Learn more: See the full article at seati.ms/1GXxMdZ.
Short hikes with big payoffs
Writer Jeff Layton offered this list of Western Washington hikes for quick day trips.
Mount St. Helens National Volcanic Monument, near Riffe Lake; about 4 miles round trip. Best in spring and after heavy rain.
The big payoff happens when you round a corner and see a waterfall that looks like fine sugar pouring over a cliff. Unlike most waterfalls, this one drops over a cavern, allowing hikers the rare opportunity to walk behind the falls. Driving directions: wta.org/go-hiking/hikes/goat-creek-2
Makah Indian Reservation, near Neah Bay. About 1.5 miles round trip; year-round. Tribal recreation pass required.
When you reach the final outlook, you’ll feel like you’re perched on the edge of the world. In every direction, gnarly seamounts and rugged headlands endure pounding Pacific Ocean waves. makah.com/activities.
Off Stevens Canyon Road, Mount Rainier National Park. About 2.6 miles round trip. Best late-July to September. Park admission: $15 per vehicle.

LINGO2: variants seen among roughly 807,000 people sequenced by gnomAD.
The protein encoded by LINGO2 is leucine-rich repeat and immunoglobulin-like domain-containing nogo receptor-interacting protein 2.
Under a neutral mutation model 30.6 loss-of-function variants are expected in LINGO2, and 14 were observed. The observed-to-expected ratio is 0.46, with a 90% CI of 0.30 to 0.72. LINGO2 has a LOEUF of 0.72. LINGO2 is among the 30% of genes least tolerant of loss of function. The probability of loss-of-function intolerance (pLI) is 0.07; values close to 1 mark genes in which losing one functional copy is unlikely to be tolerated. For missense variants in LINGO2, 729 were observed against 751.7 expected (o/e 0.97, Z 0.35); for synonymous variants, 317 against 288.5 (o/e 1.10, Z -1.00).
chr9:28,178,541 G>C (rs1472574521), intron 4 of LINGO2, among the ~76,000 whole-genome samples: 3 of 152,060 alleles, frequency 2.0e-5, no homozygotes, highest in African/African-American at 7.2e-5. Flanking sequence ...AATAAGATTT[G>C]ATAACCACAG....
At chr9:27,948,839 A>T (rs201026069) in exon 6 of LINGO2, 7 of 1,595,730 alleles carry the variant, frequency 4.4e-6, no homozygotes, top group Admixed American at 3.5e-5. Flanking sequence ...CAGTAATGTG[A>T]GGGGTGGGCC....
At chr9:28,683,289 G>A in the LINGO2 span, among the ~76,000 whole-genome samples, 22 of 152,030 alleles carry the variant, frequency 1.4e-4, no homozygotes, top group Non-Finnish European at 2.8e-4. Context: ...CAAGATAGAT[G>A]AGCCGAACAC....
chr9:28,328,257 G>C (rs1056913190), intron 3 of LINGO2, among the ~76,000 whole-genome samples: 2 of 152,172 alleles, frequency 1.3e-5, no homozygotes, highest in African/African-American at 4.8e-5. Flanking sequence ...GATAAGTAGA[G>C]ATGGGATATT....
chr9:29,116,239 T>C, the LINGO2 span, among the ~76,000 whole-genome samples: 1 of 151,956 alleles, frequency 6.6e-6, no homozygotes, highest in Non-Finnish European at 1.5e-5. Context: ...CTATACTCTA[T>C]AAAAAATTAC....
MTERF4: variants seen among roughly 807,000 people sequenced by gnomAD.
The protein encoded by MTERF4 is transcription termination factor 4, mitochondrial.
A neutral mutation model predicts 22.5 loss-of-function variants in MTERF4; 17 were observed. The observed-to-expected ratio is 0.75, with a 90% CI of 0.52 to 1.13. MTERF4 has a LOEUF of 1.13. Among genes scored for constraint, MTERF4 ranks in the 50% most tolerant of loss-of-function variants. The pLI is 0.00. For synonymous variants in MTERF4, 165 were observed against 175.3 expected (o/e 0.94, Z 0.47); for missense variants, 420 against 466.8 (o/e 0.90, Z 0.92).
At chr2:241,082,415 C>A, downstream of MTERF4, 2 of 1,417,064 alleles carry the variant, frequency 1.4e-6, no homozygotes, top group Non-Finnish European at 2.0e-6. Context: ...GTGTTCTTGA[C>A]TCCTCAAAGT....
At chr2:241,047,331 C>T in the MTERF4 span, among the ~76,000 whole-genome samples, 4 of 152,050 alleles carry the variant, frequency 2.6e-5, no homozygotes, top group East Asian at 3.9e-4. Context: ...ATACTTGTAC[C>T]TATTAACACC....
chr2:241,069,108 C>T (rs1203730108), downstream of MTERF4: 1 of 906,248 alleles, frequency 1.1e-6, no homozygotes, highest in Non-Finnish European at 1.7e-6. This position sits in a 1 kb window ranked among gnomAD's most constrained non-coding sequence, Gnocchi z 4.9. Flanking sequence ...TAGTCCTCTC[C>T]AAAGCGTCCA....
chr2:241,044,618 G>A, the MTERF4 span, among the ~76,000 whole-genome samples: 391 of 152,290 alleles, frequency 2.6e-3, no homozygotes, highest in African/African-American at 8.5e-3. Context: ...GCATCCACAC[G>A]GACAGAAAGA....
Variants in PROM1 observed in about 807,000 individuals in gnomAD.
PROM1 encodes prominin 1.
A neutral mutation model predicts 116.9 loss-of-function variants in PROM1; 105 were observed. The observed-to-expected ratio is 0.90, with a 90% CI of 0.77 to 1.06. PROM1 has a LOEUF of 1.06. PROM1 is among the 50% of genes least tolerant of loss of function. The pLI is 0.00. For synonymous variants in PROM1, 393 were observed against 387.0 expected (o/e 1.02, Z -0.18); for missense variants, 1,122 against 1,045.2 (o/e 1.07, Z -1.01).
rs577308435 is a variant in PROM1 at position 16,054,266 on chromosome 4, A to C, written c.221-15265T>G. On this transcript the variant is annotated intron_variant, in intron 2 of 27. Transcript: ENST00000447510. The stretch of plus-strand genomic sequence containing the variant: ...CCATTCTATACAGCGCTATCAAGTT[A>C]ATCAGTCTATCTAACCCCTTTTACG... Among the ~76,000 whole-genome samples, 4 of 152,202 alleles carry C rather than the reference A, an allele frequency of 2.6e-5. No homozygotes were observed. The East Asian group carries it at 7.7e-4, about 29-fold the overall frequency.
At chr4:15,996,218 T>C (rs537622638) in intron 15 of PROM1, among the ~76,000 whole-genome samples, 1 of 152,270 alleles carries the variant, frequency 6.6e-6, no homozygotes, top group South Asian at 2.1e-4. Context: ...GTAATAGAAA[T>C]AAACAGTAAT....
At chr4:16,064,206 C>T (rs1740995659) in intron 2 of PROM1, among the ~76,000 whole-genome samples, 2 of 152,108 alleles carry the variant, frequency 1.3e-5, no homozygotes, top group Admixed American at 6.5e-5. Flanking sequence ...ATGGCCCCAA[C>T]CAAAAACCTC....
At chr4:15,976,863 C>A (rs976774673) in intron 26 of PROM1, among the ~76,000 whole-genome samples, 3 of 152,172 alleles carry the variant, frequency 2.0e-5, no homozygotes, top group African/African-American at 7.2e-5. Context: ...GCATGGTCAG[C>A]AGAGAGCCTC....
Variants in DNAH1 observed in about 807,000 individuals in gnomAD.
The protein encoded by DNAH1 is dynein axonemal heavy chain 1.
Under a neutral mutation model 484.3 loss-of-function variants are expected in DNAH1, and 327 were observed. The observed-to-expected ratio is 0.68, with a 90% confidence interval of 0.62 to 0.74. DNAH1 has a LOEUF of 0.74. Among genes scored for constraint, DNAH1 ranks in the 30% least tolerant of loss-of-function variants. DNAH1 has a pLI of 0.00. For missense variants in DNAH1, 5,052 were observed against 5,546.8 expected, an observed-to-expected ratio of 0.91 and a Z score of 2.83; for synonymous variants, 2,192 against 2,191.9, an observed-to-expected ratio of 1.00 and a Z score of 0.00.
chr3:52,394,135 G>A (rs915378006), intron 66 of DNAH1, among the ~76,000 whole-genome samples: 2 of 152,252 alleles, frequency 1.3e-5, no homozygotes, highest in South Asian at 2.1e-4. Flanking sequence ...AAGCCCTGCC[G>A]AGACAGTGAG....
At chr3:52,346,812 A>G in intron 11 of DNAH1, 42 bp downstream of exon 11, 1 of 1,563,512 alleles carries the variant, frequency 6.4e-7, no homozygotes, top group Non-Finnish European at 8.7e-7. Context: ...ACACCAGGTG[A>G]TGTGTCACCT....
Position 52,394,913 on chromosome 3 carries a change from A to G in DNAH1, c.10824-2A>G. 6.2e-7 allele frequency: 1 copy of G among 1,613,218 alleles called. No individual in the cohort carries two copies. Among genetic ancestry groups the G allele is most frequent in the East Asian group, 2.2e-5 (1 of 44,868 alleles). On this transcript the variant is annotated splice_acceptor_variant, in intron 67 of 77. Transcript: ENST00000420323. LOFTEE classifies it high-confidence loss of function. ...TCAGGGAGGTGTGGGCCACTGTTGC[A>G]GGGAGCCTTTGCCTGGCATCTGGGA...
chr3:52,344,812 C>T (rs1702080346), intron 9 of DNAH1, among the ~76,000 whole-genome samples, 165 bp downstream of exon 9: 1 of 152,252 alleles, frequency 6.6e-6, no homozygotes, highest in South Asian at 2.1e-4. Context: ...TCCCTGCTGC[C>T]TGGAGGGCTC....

When you see Snow Lake for the first time you won’t believe that water could be so blue or clear. Several vantage points allow for postcard-perfect views, with craggy peaks studded with mountain goats in the background, and a shoreline brimming with wildflowers and huckleberries.
Off Highway 2 near Stevens Pass. About 9 miles round trip. Best July-October.
For a bit more of a challenge, this trail is up-up-up through old-growth forest and seemingly endless switchbacks. It’s a bit of a leg burner, but just when you start to wonder if it’s going to be worth it, you reach a notch between two ridges and understand why it’s called Surprise Lake. You’re at the edge of a glorious alpine lake with crystal clear water, surrounded by a quintessential amphitheater of granite mountains. Driving directions: wta.org/go-hiking/hikes/surprise-lake-1
Learn more: See the full article at seati.ms/1zyhB6V.